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Court of Appeals of Ohio,Eighth District, Cuyahoga County.


No. 87619.

Decided: November 16, 2006

Jim Petro, Attorney General, and Jack W. Decker and Mahjabeen Qadir, Assistant Attorneys General, for appellant the Ohio Department of Transportation. Sandra F. Bell, Westerville, for appellant the Ohio Civil Service Employees Association. Edwin David Bailey, pro se.

 {¶ 1} Appellants, Ohio Department of Transportation (“ODOT”), its director, Gordon Proctor, and its labor relations officer, Jim Miller, appeal the trial court's decision to vacate an arbitration award entered on September 23, 1999.   Appellants argue that the trial court lacked subject-matter jurisdiction, that appellee, Edwin David Bailey, lacked standing to sue, that the trial court erred when it ordered a nonparty to conduct a new arbitration hearing, and that the trial court erred when it concluded that ODOT procured the settlement agreement, which was the basis of the arbitration award, by exerting undue influence over Bailey.   For the following reasons, we vacate the trial court's decision.

{¶ 2} Bailey worked for ODOT as a highway worker from 1980 until 1999.   During that time, Bailey served as a union steward for the Ohio Civil Service Employees Association, Local 11, AFSCME (“OCSEA”).   As a union steward, Bailey received steward training that familiarized him with OCSEA's collective-bargaining agreement and the grievance process.

{¶ 3} Between 1995 and 1998, ODOT disciplined Bailey multiple times and Bailey signed several grievance-settlement agreements.   In July 1998, ODOT terminated Bailey's employment after he allegedly applied for sick leave under false pretenses and for unauthorized absence.

{¶ 4} Bailey filed a grievance regarding his termination, and arbitrator Sandra Mendel mediated the dispute in January 1999.   The parties were unable to come to a resolution, and the case proceeded to arbitration.   In June 1999, OCSEA staff representative Peggy Tanksley told Bailey that Anna Smith would arbitrate his grievance on July 15, 1999.   In late July or early August, Lynn Kemp, another OCSEA staff representative, told Bailey that the arbitration had been postponed and that Dr. David Pincus had replaced Anna Smith as the arbitrator.   Bailey told Lynn Kemp that he strongly disapproved of having Dr. David Pincus arbitrate the matter because, as Bailey alleged, Dr. David Pincus “coerced” an earlier settlement between himself and ODOT on April 23, 1998.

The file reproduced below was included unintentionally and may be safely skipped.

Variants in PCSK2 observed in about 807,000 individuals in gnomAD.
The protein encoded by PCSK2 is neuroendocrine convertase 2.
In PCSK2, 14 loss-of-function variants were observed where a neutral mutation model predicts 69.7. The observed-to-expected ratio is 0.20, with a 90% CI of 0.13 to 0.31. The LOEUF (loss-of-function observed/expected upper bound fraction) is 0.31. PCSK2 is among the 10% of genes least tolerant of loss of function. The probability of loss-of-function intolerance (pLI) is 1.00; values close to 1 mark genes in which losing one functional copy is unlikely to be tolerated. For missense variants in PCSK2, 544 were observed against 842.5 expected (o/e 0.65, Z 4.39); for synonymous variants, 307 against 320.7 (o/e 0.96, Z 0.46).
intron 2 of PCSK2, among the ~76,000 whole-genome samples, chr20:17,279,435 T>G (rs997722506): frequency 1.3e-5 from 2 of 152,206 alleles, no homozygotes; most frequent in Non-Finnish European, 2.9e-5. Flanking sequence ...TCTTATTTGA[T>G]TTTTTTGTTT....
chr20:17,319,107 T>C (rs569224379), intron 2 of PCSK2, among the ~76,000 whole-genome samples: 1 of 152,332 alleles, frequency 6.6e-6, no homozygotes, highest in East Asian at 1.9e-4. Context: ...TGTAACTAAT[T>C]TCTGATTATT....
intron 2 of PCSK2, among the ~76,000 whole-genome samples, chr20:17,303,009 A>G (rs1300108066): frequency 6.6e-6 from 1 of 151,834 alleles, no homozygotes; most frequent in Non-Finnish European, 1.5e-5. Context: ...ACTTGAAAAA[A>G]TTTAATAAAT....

{¶ 5} ODOT rescheduled the arbitration for September 23, 1999, and set the State Highway Patrol office in Garfield Heights, Ohio, as the location of the arbitration.   On September 20, 1999, Bailey filed a criminal charge for false imprisonment against Matthew Long, an ODOT investigator.   Matthew Long investigated Bailey in June 1998 to determine whether Bailey was improperly using his sick time.

{¶ 6} On September 23, 1999, Bailey and his wife Jamie were accompanied to the arbitration by his psychologist Dr. Alice Neuman, union steward Dan Johnson, and OCSEA staff representative Lynn Kemp.   ODOT's assistant labor-relations administrator Ed Flynn, ODOT District 4 labor-relations officer Greg  Zemla, and others were present on behalf of ODOT.   Bailey stated that he did not want to participate in the arbitration if Dr. David Pincus was the arbitrator.   Bailey also stated that because the arbitration was being held in a state facility with uniformed and armed officers present, he feared that if he did not agree to something during the arbitration he would be arrested.

{¶ 7} The arbitration began with Dr. David Pincus asking ODOT and Lynn Kemp if settlement was possible.   Acting as the intermediary, Lynn Kemp met with Bailey and his party in one room, and then went to a separate room to relay Bailey's demands to ODOT, and then returned to Bailey to report ODOT's demands.   After lengthy “shuttle diplomacy,” the parties eventually agreed to settle the grievance for $15,000.   Before the parties signed the agreement, representatives from ODOT told Lynn Kemp that they would pay Bailey an additional $2,000 if he agreed to drop the criminal charges against Matthew Long.   Bailey agreed.

{¶ 8} The final agreement provided that Bailey would resign effective September 23, 1999, with the period between the discharge and resignation treated as administrative leave without pay;  that prospective employers would receive a neutral reference;  that Bailey would receive a lump-sum payment of $17,000;  and that ODOT would not oppose Bailey's application for disability retirement.   Bailey signed the “waiver of individual rights” clause contained in the settlement agreement and submitted his resignation.   Bailey received disability retirement benefits effective August 1, 1998.